FIR filter design by the window methods is probably the most widely used method during general DSP classes and in education. The method is relatively simple but does not necessarily provide "good" filters. It is not obvious how to optimize the number of coefficients, and it is not easy to control the gain, attenuation and ripple. The Parks-McClellan algorithm seems to be better suited to solve such problems, but is not all that obvious to understand or implement. I am not sure how good the matlab implementation (REMEZ, FIRPM) is. For IIR filter design, there is the design by analogue prototype, which has some historical significance and is relatively straight- forward, although it requires a lot of algebra to get through. The main problem with this method is that it is difficult to find good recipes for implementation. Most recent DSP texts only sketches the outlines of the method, leaving out some of the crucial details. As for matlab, I am not impressed by the BUTTER, CHEB1 and CHEB2 functions in the Signal Processing Toolbox. It is well known that IIR filters should be implemented as a cascade of 1st and 2nd order primitives. As far as I can tell, the matlab functions do not export the filters on that form. I did find a method by Steiglitz for optimizing filters with respect to a frequency-domain response function, published in the early 1970ies. The main difficulty there, was that the methods relied on a nonlinear conjugate gradient optimization method. Apart from that, the paper seemed to have all the difficult detailed worked out. So back to answering your question: The simple, but perhaps obsolete, methods are used in education because they are easily understood and can be implemented in terms of closed-form formulae. These methods are "best" with respect to gained results for invested effort. In industry, one is willing to spend $$$ or time getting more sophisticated desing methods, based on numerical optimization schemes. These filters might be able to do the job in fewer flops than the filters designed by the "simple" methods. So it is basically up to you, how much time or $$$ are you willing to spend to get your hands on the sophisticated methods, and whether the added cost is worth the perhaps small improvement. Rune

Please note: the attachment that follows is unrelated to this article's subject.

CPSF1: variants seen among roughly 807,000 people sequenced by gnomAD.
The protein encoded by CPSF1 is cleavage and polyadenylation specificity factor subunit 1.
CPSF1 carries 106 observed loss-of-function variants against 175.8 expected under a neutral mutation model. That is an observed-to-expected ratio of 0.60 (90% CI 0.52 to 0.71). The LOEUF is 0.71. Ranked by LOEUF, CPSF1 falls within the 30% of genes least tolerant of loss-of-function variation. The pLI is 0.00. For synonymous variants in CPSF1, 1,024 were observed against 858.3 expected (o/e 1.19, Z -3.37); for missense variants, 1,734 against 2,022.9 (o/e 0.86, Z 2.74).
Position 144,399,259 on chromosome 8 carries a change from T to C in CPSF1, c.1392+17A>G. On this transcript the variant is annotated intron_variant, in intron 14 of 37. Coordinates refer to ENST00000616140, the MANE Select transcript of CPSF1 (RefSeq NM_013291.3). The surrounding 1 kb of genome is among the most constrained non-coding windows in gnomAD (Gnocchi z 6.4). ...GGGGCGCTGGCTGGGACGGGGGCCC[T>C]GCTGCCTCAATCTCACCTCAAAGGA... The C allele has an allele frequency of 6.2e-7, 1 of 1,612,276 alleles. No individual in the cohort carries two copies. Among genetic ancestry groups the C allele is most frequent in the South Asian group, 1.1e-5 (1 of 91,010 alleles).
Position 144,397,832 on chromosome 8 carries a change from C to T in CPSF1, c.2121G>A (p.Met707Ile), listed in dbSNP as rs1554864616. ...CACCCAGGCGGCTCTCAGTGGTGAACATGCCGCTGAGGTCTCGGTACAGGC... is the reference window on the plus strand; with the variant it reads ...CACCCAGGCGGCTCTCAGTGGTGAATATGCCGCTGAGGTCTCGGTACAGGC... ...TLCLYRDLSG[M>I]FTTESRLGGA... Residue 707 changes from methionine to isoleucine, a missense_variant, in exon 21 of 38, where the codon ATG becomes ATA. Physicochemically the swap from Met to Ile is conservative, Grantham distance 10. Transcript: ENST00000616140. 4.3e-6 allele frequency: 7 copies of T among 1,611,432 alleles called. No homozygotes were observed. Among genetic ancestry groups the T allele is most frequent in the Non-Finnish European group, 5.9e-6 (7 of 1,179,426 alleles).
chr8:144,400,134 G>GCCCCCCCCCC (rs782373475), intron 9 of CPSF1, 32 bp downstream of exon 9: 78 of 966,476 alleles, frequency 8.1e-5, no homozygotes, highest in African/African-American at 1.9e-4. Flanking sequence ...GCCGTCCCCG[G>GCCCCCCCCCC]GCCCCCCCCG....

Rune Allnor wrote: